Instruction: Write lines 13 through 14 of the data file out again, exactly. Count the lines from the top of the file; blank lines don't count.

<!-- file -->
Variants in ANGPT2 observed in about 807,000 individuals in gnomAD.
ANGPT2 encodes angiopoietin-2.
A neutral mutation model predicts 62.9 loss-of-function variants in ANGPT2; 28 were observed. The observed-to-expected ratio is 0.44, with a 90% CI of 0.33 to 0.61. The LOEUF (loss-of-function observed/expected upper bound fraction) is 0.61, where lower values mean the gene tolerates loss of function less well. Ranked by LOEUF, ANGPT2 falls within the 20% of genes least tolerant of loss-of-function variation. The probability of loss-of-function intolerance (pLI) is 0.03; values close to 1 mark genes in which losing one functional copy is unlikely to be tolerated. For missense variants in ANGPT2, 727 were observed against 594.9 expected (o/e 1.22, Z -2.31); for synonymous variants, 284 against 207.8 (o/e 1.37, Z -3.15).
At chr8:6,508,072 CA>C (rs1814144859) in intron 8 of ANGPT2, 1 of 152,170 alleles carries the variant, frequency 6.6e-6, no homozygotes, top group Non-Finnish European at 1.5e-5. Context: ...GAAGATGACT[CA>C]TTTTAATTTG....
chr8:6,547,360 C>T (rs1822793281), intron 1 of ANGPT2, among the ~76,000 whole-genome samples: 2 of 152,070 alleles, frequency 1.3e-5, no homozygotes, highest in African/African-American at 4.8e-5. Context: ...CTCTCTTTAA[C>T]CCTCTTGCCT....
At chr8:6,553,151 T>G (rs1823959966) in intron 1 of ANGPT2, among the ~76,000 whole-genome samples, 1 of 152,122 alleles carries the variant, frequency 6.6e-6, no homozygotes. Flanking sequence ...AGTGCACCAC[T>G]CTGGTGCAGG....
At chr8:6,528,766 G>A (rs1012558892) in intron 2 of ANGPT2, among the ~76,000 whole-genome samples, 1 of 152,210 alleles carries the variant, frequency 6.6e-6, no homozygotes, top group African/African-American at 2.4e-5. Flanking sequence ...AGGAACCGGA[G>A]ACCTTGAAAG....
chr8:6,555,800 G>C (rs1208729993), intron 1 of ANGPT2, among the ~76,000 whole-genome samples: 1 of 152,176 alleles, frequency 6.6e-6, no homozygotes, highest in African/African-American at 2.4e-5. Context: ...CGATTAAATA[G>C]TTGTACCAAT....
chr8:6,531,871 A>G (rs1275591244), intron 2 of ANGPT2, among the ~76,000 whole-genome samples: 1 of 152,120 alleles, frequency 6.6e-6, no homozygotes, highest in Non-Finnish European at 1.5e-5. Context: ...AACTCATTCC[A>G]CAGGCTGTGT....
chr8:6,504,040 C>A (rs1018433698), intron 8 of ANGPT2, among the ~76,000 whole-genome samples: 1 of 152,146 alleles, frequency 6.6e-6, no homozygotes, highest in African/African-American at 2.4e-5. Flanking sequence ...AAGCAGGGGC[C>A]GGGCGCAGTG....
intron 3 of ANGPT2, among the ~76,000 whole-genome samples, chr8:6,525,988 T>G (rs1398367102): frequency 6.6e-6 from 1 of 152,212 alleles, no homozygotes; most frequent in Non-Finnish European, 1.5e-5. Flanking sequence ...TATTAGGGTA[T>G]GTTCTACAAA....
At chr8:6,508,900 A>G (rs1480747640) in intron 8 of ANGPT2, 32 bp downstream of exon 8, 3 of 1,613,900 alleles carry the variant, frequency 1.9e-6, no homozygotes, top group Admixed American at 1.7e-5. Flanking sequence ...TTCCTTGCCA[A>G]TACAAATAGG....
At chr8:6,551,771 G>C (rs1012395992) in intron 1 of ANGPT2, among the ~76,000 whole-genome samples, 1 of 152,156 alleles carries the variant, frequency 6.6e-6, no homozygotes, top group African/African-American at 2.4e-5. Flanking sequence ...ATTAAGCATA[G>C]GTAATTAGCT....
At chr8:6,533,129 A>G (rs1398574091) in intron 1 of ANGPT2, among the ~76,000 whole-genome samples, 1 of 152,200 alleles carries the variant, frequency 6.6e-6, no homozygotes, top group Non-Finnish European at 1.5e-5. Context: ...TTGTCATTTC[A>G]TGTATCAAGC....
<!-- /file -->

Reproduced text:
At chr8:6,551,771 G>C (rs1012395992) in intron 1 of ANGPT2, among the ~76,000 whole-genome samples, 1 of 152,156 alleles carries the variant, frequency 6.6e-6, no homozygotes, top group African/African-American at 2.4e-5. Flanking sequence ...ATTAAGCATA[G>C]GTAATTAGCT....
At chr8:6,533,129 A>G (rs1398574091) in intron 1 of ANGPT2, among the ~76,000 whole-genome samples, 1 of 152,200 alleles carries the variant, frequency 6.6e-6, no homozygotes, top group Non-Finnish European at 1.5e-5. Context: ...TTGTCATTTC[A>G]TGTATCAAGC....